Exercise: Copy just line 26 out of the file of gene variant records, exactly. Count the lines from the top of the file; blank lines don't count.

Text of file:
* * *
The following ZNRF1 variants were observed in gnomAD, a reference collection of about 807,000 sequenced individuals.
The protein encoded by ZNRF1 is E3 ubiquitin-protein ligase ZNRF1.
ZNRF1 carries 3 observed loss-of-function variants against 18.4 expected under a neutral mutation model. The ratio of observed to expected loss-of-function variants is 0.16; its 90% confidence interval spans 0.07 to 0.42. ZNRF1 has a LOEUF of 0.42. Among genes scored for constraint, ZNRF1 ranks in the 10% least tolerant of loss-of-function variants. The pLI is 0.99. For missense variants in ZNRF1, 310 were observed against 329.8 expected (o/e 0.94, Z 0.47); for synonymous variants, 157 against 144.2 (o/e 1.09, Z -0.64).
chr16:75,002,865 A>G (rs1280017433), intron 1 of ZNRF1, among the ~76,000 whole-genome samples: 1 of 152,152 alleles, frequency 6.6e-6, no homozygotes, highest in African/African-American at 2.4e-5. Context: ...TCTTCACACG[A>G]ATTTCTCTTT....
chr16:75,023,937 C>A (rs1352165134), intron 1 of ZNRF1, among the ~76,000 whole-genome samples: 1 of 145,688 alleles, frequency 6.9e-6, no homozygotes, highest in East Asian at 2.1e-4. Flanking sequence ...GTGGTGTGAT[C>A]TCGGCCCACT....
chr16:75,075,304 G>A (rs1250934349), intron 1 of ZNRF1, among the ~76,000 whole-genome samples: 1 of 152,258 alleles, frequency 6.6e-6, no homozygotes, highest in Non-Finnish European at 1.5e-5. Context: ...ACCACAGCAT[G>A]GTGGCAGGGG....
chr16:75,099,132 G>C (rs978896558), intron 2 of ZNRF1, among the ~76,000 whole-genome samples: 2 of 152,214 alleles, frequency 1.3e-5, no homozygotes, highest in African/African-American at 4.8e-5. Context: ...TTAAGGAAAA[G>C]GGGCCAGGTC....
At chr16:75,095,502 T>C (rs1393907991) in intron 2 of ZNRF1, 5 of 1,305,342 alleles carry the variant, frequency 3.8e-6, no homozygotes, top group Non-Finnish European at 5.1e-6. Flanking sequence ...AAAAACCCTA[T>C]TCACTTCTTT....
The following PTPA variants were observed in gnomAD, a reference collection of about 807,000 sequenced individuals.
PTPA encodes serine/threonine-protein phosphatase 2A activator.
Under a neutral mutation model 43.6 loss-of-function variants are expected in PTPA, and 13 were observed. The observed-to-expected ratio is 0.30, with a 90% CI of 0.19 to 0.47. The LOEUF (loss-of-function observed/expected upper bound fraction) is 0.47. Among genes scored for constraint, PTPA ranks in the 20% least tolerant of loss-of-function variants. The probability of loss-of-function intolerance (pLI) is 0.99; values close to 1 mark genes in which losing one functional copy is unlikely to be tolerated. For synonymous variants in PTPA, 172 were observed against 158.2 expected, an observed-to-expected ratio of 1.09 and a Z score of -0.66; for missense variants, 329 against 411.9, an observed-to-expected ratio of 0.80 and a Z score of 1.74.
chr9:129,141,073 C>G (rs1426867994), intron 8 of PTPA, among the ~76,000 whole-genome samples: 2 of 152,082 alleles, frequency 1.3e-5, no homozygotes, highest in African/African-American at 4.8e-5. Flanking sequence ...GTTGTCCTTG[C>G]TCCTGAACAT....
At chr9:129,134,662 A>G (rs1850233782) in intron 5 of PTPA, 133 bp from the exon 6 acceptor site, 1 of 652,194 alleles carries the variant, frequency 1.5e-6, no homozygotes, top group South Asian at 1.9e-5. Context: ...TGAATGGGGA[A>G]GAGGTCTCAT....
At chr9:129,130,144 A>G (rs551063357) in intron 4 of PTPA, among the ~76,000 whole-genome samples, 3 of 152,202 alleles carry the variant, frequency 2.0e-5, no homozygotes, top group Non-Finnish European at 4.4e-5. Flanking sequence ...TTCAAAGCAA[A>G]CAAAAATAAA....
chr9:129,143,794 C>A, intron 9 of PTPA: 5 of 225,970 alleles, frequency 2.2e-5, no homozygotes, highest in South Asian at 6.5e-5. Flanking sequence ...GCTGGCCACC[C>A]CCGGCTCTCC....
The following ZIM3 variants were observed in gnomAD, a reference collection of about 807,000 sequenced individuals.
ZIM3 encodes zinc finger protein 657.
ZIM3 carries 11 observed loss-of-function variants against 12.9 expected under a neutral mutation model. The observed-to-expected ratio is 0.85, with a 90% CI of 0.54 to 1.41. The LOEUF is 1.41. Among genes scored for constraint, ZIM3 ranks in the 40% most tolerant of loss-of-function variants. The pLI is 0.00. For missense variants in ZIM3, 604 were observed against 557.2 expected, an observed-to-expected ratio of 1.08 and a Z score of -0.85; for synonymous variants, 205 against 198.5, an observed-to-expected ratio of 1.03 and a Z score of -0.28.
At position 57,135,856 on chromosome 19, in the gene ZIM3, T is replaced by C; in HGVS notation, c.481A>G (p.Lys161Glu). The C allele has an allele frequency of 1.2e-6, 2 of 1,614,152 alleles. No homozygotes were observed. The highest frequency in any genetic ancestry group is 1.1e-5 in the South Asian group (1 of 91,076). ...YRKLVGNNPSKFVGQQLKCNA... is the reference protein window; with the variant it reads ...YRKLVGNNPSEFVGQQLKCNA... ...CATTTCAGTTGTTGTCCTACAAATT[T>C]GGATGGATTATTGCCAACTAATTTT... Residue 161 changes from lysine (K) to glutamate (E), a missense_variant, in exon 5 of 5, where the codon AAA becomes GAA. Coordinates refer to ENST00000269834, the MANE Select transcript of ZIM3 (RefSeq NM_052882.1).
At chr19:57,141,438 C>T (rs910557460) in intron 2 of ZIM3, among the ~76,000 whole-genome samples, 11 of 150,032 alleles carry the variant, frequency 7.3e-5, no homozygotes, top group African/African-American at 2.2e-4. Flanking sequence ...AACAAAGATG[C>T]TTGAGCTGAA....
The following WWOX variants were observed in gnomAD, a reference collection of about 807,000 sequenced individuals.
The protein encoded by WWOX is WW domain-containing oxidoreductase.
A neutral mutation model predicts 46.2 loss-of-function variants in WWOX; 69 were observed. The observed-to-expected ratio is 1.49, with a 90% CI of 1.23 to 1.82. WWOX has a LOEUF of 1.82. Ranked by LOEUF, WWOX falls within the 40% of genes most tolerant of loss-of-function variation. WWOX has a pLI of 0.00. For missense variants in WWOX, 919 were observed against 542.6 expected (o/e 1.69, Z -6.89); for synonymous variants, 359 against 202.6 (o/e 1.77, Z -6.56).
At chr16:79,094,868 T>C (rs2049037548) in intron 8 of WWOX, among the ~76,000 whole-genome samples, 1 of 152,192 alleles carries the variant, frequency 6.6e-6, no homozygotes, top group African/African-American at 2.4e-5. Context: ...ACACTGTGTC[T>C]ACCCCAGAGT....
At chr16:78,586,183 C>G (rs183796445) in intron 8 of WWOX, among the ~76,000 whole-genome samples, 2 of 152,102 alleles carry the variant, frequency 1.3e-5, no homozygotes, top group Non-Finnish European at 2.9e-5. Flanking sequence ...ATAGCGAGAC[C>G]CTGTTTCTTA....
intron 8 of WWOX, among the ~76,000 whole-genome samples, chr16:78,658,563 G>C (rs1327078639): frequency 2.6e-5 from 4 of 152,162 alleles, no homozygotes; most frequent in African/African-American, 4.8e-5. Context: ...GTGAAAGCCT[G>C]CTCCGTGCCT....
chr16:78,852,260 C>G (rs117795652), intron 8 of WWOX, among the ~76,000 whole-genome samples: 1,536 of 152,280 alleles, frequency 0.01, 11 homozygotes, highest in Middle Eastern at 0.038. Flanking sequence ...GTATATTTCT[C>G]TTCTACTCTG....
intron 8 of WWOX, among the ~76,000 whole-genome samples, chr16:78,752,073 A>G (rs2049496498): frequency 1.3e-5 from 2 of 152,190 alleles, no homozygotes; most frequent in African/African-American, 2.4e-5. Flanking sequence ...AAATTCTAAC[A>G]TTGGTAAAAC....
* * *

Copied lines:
intron 8 of WWOX, among the ~76,000 whole-genome samples, chr16:78,658,563 G>C (rs1327078639): frequency 2.6e-5 from 4 of 152,162 alleles, no homozygotes; most frequent in African/African-American, 4.8e-5. Context: ...GTGAAAGCCT[G>C]CTCCGTGCCT....